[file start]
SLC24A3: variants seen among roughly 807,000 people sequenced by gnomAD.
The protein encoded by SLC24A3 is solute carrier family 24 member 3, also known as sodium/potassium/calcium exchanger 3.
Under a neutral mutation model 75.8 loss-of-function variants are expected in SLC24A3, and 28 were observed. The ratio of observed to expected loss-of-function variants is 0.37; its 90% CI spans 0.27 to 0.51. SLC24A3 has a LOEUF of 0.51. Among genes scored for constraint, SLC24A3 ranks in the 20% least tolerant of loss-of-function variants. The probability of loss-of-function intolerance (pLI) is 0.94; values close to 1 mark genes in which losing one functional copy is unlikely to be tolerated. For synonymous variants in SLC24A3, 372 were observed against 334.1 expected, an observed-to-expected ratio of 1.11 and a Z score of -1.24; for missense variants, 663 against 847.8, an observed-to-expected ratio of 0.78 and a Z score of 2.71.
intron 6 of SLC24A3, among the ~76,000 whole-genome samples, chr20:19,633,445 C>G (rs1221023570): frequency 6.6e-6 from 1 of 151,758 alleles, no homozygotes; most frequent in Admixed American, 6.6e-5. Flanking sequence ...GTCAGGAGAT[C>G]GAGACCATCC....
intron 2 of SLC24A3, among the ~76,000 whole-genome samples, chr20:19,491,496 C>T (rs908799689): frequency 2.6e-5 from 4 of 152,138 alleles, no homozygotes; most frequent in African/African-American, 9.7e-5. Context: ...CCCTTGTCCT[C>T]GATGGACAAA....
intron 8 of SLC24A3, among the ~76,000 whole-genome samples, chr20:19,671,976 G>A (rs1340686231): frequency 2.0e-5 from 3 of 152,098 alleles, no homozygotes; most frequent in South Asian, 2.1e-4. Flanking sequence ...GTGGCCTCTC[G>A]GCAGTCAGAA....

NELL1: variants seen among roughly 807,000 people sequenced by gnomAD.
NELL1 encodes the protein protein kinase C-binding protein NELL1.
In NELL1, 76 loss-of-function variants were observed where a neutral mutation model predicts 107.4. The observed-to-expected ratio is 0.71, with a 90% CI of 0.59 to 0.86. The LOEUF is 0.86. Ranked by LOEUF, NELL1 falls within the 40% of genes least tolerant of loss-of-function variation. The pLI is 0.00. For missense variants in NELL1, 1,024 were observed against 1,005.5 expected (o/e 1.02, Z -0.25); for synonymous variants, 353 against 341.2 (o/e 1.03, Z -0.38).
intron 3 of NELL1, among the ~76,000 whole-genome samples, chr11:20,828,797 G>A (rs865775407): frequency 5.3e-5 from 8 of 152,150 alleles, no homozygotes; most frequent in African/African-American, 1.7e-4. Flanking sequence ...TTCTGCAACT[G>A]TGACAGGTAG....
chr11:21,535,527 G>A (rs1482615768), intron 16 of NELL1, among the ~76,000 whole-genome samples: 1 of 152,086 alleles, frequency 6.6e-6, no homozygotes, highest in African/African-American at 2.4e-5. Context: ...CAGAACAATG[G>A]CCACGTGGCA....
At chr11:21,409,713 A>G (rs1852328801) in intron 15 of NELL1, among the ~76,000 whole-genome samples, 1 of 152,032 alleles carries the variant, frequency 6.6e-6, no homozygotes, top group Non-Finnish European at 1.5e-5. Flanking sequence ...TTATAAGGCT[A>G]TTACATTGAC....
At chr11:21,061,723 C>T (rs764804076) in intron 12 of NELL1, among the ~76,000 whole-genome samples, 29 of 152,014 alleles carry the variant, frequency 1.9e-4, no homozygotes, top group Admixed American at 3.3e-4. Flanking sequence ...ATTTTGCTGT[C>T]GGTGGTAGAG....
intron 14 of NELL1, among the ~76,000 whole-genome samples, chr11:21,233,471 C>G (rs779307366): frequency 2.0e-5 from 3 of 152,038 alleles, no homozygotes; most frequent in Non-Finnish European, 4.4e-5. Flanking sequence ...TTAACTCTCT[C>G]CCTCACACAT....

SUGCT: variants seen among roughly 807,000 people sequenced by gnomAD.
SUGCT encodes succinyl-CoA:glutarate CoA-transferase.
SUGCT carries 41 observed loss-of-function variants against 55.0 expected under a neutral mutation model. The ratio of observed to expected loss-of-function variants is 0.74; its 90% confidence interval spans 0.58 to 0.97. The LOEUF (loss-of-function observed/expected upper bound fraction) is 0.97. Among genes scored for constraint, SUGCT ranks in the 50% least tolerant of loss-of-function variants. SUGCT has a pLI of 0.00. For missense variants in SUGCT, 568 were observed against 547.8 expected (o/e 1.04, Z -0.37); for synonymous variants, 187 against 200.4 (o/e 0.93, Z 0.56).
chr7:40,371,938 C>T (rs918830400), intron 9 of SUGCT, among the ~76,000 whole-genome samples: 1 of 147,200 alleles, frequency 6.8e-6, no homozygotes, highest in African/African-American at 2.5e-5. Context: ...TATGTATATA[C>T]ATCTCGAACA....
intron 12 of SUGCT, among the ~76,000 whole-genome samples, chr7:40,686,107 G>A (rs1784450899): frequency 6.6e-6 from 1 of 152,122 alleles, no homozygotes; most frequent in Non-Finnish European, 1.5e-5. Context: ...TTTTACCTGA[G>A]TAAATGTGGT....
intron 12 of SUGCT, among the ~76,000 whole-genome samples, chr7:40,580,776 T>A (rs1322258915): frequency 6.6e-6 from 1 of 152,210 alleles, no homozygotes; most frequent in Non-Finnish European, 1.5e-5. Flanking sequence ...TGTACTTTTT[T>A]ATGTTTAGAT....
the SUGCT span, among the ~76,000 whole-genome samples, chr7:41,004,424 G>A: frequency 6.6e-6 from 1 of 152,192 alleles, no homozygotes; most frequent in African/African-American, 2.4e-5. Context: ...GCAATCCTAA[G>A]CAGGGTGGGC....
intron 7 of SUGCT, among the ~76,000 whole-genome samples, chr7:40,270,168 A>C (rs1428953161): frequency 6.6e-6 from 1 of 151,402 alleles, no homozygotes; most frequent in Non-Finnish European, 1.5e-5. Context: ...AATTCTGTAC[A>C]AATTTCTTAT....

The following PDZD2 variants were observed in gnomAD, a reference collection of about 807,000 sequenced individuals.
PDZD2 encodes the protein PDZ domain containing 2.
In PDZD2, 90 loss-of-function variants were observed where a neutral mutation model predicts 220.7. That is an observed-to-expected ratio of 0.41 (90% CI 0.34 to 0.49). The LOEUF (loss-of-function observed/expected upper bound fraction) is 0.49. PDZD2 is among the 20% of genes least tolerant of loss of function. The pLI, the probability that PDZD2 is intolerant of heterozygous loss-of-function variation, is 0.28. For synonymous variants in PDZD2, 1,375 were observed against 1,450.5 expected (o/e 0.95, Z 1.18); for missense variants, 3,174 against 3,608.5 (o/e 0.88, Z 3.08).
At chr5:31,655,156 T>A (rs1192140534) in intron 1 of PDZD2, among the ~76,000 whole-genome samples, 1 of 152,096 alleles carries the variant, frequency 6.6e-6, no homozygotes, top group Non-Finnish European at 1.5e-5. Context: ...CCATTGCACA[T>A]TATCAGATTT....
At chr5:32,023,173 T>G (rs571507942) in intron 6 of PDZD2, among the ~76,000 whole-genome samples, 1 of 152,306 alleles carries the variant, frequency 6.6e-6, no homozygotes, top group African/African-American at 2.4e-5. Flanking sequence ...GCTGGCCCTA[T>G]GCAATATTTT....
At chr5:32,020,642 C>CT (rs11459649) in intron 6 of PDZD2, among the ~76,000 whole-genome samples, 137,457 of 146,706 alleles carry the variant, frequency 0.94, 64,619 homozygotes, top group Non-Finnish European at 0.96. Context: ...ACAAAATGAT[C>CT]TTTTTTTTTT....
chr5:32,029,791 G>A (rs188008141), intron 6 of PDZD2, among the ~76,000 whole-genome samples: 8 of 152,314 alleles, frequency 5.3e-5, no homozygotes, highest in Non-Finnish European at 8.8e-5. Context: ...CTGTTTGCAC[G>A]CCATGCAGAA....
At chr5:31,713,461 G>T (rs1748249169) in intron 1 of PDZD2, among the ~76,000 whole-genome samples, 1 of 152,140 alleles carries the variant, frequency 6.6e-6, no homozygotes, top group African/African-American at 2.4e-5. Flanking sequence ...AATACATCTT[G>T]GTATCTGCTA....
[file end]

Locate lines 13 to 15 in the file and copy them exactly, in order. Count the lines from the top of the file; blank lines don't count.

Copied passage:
At chr11:21,061,723 C>T (rs764804076) in intron 12 of NELL1, among the ~76,000 whole-genome samples, 29 of 152,014 alleles carry the variant, frequency 1.9e-4, no homozygotes, top group Admixed American at 3.3e-4. Flanking sequence ...ATTTTGCTGT[C>T]GGTGGTAGAG....
intron 14 of NELL1, among the ~76,000 whole-genome samples, chr11:21,233,471 C>G (rs779307366): frequency 2.0e-5 from 3 of 152,038 alleles, no homozygotes; most frequent in Non-Finnish European, 4.4e-5. Flanking sequence ...TTAACTCTCT[C>G]CCTCACACAT....

SUGCT: variants seen among roughly 807,000 people sequenced by gnomAD.